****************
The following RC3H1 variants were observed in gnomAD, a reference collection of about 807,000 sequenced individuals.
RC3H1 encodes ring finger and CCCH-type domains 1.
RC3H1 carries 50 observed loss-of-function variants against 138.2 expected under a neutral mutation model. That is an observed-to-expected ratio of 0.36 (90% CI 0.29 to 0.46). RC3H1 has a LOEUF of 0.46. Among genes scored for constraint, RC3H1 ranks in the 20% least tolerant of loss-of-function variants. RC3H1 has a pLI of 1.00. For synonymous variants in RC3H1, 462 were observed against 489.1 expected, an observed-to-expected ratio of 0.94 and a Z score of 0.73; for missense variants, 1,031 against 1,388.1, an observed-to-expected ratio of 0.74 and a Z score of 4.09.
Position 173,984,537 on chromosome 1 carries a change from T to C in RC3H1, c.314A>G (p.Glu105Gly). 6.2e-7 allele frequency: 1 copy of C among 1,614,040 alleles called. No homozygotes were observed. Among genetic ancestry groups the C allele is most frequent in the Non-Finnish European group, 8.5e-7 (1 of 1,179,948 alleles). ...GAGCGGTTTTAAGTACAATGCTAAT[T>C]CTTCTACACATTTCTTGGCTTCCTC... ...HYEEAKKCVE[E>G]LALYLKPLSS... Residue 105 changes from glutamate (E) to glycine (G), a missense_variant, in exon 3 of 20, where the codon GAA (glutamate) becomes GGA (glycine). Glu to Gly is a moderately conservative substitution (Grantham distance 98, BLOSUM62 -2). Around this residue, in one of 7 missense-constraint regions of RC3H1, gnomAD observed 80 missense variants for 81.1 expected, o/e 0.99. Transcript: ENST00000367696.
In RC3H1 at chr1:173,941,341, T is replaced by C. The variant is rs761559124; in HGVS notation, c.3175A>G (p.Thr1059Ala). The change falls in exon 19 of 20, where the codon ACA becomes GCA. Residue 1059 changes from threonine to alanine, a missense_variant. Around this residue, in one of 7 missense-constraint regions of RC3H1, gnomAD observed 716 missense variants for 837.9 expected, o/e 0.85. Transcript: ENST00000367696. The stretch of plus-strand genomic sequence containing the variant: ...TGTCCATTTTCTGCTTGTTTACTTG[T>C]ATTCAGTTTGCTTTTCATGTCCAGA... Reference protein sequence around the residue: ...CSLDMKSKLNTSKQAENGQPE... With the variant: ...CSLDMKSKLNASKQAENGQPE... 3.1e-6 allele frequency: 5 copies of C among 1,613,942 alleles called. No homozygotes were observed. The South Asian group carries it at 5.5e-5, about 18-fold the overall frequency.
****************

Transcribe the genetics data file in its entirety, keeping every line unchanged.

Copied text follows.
The following RC3H1 variants were observed in gnomAD, a reference collection of about 807,000 sequenced individuals.
RC3H1 encodes ring finger and CCCH-type domains 1.
RC3H1 carries 50 observed loss-of-function variants against 138.2 expected under a neutral mutation model. That is an observed-to-expected ratio of 0.36 (90% CI 0.29 to 0.46). RC3H1 has a LOEUF of 0.46. Among genes scored for constraint, RC3H1 ranks in the 20% least tolerant of loss-of-function variants. RC3H1 has a pLI of 1.00. For synonymous variants in RC3H1, 462 were observed against 489.1 expected, an observed-to-expected ratio of 0.94 and a Z score of 0.73; for missense variants, 1,031 against 1,388.1, an observed-to-expected ratio of 0.74 and a Z score of 4.09.
Position 173,984,537 on chromosome 1 carries a change from T to C in RC3H1, c.314A>G (p.Glu105Gly). 6.2e-7 allele frequency: 1 copy of C among 1,614,040 alleles called. No homozygotes were observed. Among genetic ancestry groups the C allele is most frequent in the Non-Finnish European group, 8.5e-7 (1 of 1,179,948 alleles). ...GAGCGGTTTTAAGTACAATGCTAAT[T>C]CTTCTACACATTTCTTGGCTTCCTC... ...HYEEAKKCVE[E>G]LALYLKPLSS... Residue 105 changes from glutamate (E) to glycine (G), a missense_variant, in exon 3 of 20, where the codon GAA (glutamate) becomes GGA (glycine). Glu to Gly is a moderately conservative substitution (Grantham distance 98, BLOSUM62 -2). Around this residue, in one of 7 missense-constraint regions of RC3H1, gnomAD observed 80 missense variants for 81.1 expected, o/e 0.99. Transcript: ENST00000367696.
In RC3H1 at chr1:173,941,341, T is replaced by C. The variant is rs761559124; in HGVS notation, c.3175A>G (p.Thr1059Ala). The change falls in exon 19 of 20, where the codon ACA becomes GCA. Residue 1059 changes from threonine to alanine, a missense_variant. Around this residue, in one of 7 missense-constraint regions of RC3H1, gnomAD observed 716 missense variants for 837.9 expected, o/e 0.85. Transcript: ENST00000367696. The stretch of plus-strand genomic sequence containing the variant: ...TGTCCATTTTCTGCTTGTTTACTTG[T>C]ATTCAGTTTGCTTTTCATGTCCAGA... Reference protein sequence around the residue: ...CSLDMKSKLNTSKQAENGQPE... With the variant: ...CSLDMKSKLNASKQAENGQPE... 3.1e-6 allele frequency: 5 copies of C among 1,613,942 alleles called. No homozygotes were observed. The South Asian group carries it at 5.5e-5, about 18-fold the overall frequency.